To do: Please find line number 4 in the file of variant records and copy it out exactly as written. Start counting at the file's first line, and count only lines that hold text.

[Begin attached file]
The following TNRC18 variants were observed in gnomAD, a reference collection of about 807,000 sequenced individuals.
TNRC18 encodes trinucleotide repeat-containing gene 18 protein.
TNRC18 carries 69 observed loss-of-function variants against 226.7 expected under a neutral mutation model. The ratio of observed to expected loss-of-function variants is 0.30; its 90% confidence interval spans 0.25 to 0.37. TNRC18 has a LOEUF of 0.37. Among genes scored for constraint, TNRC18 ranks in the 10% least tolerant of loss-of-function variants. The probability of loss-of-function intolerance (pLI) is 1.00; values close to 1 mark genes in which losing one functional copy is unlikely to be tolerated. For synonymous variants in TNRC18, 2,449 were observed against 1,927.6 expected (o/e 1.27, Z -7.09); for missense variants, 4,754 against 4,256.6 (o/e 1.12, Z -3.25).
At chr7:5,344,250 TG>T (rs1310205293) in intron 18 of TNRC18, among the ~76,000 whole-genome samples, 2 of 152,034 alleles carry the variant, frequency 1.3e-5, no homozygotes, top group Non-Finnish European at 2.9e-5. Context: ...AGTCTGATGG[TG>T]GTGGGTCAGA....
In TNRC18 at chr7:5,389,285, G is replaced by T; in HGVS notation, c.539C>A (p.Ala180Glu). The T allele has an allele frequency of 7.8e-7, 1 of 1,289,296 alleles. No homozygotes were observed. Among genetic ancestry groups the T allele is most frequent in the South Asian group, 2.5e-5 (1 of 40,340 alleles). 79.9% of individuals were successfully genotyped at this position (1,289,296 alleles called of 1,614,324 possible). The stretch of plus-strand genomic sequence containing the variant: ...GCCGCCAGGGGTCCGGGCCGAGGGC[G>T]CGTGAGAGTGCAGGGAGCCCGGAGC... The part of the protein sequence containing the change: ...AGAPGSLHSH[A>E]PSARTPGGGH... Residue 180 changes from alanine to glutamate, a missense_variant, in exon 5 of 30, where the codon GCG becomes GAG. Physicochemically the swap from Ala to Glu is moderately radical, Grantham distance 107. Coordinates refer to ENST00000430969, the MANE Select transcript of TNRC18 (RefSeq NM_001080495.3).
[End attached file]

At chr7:5,344,250 TG>T (rs1310205293) in intron 18 of TNRC18, among the ~76,000 whole-genome samples, 2 of 152,034 alleles carry the variant, frequency 1.3e-5, no homozygotes, top group Non-Finnish European at 2.9e-5. Context: ...AGTCTGATGG[TG>T]GTGGGTCAGA....